Joe Namath was born on May 31, 1943 in Beaver Falls, Pa., a steel-mill town located 28 miles northwest of Pittsburgh. Joe Willie -- as his friends called him -- grew up in an area of Beaver Falls known as the Lower End, a predominantly African-American neighborhood. (Namath would get into arguments with some Alabama teammates when he would defend African-Americans).
At Beaver Falls High School, Namath excelled in football, baseball and basketball. Six baseball teams sought to sign him, with the Chicago Cubs reportedly offering him a $50,000 bonus. But Namath declined, opting for college.
After being rejected by Maryland because his college board scores were not high enough, he enrolled at Alabama to play for Bear Bryant. The legendary Bryant would one day call his rebellious quarterback "the greatest athlete I ever coached."
As a sophomore, Namath led a senior-dominated team to a 10-1 record, completing 76-of-146 passes for 1,192 yards and 12 touchdowns. Late in his junior season, Namath broke curfew, and Bryant dropped him from the team for the last regular-season game and the Sugar Bowl.
As a senior against North Carolina State, Namath suffered the first injury to his right knee. On a rollout, his knee collapsed under the impact of an abrupt stop. Two weeks later, Namaths knee collapsed again. He injured it a third time practicing for the Orange Bowl. It was not expected that Namath would play in the bowl, but with No. 1 and undefeated Alabama losing to Texas, he came off the bench. Though he played splendidly and was voted the games MVP, the Tide lost 21-17.
The next day -- Jan. 2, 1965 -- Namath signed his three-year contract with the Jets. Owner Sonny Werblin saw more than Namaths passing arm. It was gilt by association.
"Namath has the presence of a star," Werblin said. "You know how a real star lights up the room when he comes in. Joe has that quality."
Brought along slowly by coach Weeb Ewbank, Namath became the Jets starting quarterback midway through his rookie season. In 1967, in his third season, Namath lit up AFL defenses for 4,007 yards and 26 touchdown passes.
The next year, he passed the Jets to the AFLs Eastern Division title. In the championship game against the Oakland Raiders, whom the Jets lost to in the Heidi game six weeks earlier, Namath threw three touchdown passes despite icy winds in New York. His six-yard touchdown pass to Don Maynard in the fourth quarter overcame a 23-20 deficit, giving the Jets a 27-23 victory and a berth in Super Bowl III on Jan. 12, 1969.
At a Miami Touchdown Club dinner three days before the game, Namath answered a heckler by saying, "We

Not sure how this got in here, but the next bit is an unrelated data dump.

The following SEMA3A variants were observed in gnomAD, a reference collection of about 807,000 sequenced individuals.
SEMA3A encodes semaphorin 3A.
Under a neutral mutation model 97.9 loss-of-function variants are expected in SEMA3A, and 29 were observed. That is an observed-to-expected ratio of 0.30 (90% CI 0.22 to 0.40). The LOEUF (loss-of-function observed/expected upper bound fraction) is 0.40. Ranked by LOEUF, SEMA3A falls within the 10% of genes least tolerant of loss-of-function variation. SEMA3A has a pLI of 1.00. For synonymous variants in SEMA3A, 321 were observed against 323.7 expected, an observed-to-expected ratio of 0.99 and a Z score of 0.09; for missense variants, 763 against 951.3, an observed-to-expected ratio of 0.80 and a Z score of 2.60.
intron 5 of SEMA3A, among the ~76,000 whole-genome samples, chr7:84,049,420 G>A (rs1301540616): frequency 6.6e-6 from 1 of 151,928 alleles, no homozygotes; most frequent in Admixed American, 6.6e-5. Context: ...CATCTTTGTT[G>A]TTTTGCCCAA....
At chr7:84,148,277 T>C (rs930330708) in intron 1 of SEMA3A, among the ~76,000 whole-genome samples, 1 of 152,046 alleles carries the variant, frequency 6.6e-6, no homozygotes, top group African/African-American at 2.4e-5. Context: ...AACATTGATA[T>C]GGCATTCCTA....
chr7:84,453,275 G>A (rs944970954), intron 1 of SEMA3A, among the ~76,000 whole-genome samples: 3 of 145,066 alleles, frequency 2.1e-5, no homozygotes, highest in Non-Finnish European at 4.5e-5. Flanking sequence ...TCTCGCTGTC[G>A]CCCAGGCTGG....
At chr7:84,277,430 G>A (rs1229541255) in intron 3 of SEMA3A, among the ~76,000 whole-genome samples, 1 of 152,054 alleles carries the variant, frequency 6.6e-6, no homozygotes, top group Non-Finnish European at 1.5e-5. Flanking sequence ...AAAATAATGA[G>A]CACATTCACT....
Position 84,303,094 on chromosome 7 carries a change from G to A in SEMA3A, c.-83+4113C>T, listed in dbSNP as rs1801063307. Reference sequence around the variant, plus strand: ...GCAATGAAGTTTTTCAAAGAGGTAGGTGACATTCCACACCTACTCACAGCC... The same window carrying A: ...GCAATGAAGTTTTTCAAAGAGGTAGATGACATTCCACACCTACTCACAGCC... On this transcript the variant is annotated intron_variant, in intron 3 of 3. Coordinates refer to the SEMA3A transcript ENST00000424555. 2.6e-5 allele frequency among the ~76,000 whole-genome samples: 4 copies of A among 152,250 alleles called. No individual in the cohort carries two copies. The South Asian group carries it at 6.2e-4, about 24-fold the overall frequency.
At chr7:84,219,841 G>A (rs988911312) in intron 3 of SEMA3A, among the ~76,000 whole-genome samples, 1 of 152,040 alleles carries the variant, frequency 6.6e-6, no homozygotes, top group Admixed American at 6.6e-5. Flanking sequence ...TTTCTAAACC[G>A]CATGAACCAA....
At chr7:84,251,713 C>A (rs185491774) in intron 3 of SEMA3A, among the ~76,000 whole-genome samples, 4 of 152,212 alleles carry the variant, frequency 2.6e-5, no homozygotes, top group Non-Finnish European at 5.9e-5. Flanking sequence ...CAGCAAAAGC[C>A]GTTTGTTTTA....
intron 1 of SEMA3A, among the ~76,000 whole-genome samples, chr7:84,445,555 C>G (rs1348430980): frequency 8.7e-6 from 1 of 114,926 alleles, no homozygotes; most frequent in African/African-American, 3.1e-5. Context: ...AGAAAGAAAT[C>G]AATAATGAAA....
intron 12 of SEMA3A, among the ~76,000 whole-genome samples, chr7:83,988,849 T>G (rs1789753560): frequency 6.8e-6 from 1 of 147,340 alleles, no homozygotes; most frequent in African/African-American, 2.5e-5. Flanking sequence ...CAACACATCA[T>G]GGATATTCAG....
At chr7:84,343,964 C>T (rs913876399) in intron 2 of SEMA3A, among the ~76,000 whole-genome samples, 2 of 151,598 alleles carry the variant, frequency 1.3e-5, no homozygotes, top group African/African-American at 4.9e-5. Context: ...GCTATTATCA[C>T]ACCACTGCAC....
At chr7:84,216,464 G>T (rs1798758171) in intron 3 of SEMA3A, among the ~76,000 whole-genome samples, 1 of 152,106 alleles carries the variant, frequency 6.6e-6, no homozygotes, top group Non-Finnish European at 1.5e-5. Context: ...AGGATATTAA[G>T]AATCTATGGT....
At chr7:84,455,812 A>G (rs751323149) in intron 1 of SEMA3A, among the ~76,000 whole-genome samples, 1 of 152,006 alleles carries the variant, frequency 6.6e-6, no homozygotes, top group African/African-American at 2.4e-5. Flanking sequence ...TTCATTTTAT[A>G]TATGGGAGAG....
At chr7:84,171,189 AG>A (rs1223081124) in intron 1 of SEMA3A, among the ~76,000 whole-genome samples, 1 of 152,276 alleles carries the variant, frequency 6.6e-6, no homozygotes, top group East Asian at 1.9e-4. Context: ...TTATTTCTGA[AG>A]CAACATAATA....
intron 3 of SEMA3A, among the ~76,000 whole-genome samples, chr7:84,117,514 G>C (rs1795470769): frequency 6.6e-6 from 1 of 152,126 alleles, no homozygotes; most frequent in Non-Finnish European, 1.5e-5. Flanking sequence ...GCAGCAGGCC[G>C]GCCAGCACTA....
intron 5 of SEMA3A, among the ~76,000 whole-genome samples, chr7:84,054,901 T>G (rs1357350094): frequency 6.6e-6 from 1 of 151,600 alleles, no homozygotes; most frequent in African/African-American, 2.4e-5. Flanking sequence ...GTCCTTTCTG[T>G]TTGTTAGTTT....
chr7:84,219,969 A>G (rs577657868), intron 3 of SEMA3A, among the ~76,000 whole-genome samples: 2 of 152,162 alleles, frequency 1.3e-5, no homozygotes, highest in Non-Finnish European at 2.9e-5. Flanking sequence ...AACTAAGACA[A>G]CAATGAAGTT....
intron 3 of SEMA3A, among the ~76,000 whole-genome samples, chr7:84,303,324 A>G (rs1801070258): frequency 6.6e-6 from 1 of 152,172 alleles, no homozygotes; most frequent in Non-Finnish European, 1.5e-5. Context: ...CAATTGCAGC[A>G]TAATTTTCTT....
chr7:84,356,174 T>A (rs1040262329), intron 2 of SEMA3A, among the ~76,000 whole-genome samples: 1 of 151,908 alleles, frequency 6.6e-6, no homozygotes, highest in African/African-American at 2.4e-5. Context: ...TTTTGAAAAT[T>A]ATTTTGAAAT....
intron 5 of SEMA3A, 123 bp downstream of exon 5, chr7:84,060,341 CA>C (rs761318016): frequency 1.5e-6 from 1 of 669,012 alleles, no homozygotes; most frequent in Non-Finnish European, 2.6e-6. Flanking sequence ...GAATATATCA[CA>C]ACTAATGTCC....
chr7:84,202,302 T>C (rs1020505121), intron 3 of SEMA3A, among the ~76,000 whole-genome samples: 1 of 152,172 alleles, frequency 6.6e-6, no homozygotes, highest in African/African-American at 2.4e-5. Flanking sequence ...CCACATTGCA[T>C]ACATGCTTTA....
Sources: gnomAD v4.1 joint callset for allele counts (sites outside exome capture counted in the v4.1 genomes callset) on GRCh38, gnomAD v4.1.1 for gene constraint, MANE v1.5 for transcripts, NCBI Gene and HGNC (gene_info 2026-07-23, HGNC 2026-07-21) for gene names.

e going to win Sunday. I guarantee you." His brazenness made headlines, though many journalists passed it off as bluster or self-delusion.
It was neither. Namath calmly directed the Jets on four scoring drives, completing 17-of-28 passes for 206 yards and being voted the MVP in the victory over the stunned Colts. The Jets were the first AFL team to win the Super Bowl.
Namath reaped a harvest of awards for 1968: AFL MVP, Hickok Belt winner and Pro Player of the Year.
In 1969, Commissioner Pete Rozelle told Namath to sell his share in an East Side bar, Bachelors III, because gamblers frequented it. If Namath didn , he would be suspended. In June, he announced his retirement from football because of the dispute. However, Namaths love of the game prevailed, and a month later, he sold his share of Bachelors III and returned to the Jets.
His endorsements kept him comfortable, with his panty-hose spots and his shaving off his mustache for $10,000 being his most famous commercials. He acted in movies and on television as well as in the theater, but was not another Olivier.
Through the years, Namath has maintained his status as an icon. Unlike another legend, Joe DiMaggio, Namath goes out of his way to be people-friendly. "Im lucky," he said. "I was born with the gift."
Namath has a new book out published by Rugged Land Books, which is currently on the New York Times extended Bestseller List (#23) and was recently interviewed for the November 19, 2006 edition of 60 Minutes on CBS network. In 2006, Namath enrolled in the University of Alabamas External Degree program (he was 15 credits shy of graduating when he left Alabama in 1965). He earned his bachelors degree in December 2007. His youngest daughter just gave birth. He currently lives in the ritzy village Tequesta, Florida.